The number of non-religious baby naming ceremonies taking place in Scotland has more than trebled in a decade.

A total of 226 naming ceremonies were carried out by celebrants from the Humanist Society Scotland (HSS) in 2014 - compared to just 61 in 2005 and 105 in 2014.

The trend is said to be linked to rising numbers of couples choosing humanist marriages as well as an increasingly secular society.

Last month the HSS predicted the number of humanist weddings - which became legal 10 years ago in Scotland - will overtake Kirk marriage ceremonies for the first time this year.

But new parents are still far more likely to opt for church christenings.

The Catholic Church carried out 8,039 baptisms in 2013, according to its latest figures, while the Church of Scotland carried out 4,045 in 2014.

However these baptisms still only represent about a fifth of around 56,000 births registered in Scotland annually, indicating many parents either choose not to opt for any kind of ceremony or hold a more informal occasion, or the children are born into non-Christian religions.

Claire Digance, who has been a celebrant with the HSS for two years, said she carried out an average of around one or two naming ceremonies every month.

"They are on the increase across the board," she said. "Celebrants seem to be doing more of them than they have ever done before.

"I think it is linked to the increasing number of humanist weddings - there are more weddings, then people have babies and come back to us for a naming as well, which is lovely."

Digance said naming ceremonies - which usually have a £200 fee and have no legal status - could be highly personalised and held anywhere the parents chose.

She added: "You can have as many guide parents [the humanist equivalent of a godparent] as you want. The maximum I have had is eight, which included guide parents who would be useful at different stages in the baby's life - from a nursery nurse all the way through to a driving instructor."

Digance said the ceremonies provided a meaningful non-religious alternative to a christening.

"It is mainly ceremonial, but it is a good precursor for a party and a celebration of a wee baby," she said. "And I have never had a crying baby yet."

Gordon MacRae, chief executive of the HSS, said the baby naming ceremonies provided a way for non-religious new parents to bring their family and friends together, without having to join a church they did not believe in.

He added: "Humanist Society Scotland campaigns for equality and human rights for all citizens, based on the principle that we should all be equal before the law.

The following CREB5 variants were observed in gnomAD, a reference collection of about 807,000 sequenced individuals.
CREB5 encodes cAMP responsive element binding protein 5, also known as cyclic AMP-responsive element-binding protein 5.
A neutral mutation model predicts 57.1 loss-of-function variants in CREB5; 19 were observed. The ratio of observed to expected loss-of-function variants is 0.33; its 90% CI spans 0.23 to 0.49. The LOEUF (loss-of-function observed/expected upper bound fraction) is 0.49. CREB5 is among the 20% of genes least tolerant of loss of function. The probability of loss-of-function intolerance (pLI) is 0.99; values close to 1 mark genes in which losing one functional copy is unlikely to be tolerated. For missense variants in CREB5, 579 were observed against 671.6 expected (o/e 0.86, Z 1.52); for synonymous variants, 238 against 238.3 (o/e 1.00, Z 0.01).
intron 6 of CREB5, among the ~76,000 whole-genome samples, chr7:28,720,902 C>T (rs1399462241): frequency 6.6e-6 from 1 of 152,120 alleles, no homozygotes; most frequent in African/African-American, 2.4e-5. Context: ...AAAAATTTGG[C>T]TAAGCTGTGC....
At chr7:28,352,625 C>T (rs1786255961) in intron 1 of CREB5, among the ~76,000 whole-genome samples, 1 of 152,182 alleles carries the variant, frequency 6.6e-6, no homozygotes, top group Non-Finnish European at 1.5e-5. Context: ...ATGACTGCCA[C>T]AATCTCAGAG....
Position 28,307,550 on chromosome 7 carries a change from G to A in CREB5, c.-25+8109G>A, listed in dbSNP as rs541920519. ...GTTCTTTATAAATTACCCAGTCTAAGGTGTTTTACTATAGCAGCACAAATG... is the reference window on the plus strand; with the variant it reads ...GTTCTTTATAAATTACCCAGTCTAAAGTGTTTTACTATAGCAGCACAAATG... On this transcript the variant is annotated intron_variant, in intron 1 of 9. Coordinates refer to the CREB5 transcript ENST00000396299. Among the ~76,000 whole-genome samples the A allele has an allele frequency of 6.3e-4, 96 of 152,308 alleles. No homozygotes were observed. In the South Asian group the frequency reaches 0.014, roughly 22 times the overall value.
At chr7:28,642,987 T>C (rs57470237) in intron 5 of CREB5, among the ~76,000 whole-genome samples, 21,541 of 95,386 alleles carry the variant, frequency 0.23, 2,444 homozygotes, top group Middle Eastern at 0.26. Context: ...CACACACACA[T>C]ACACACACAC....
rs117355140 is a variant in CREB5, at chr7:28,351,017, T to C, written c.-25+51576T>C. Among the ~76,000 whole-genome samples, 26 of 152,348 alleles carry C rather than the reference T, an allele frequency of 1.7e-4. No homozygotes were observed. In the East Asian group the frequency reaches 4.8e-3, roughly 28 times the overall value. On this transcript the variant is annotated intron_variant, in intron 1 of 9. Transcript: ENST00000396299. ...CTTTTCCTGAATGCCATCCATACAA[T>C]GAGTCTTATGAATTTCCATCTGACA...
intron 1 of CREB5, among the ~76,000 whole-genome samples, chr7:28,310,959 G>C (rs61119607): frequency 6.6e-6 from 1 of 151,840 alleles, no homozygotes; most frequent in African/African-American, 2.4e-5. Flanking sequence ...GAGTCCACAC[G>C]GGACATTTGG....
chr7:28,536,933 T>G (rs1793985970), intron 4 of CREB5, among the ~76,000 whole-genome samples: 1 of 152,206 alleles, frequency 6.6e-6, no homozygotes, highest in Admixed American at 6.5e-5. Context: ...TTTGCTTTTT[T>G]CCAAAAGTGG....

"It's great to see more families coming forward to celebrate the arrival of a new family member in a way that reflects their own beliefs and values."

'It strikes me as being a bit hypocritical to have a christening and then literally never take the child to church'

Sara McCann and her husband Craig, from Glasgow, held a baby naming ceremony for their son, who is now three months old, at which Claire Digance was the celebrant.

The couple - she's a roller-skate coach, and he's a systems analyst - opted for a humanist wedding three years ago and wanted to have a celebration of William's birth, but without having a religious ceremony.

McCann, 32, said: "Craig and I were both raised as Christians, but don't attend church - so we felt it was hypocritical to go to church and get married if you have not been in the past 20 years.

"I have no objections to church and have been to many christenings, but it strikes me as being a bit hypocritical to have a christening and then literally never take the child to church.

"It was just a really nice day where everyone came together to see William and to officially welcome him into their lives and into the family."

McCann said the personal aspects of the ceremony were extremely important, which included readings from family members and their own choice of vows.

"William is also an IVF baby and I was very keen that was mentioned," she said. "It was a long time coming to get him to be here, so we wanted to have a day of celebrating him being here and the journey we took to get him here."

McCann said she had anticipated some negative reaction from older family members over the lack of a religious element, but everyone had enjoyed the ceremony, which took place at Kibble Palace in Glasgow's Botanic Gardens last month.

"Naming ceremonies are more common now than ever - although there was a bit of confusion," she said. "People were very generous and gave him gifts, but we didn't get any of the silver gifts you would normally associate with christenings.

"There is a bit of bewilderment as to what it means and how it is different, but every single person enjoyed it.

"It was just a really nice day where everyone came together to see William and officially welcome him into their lives."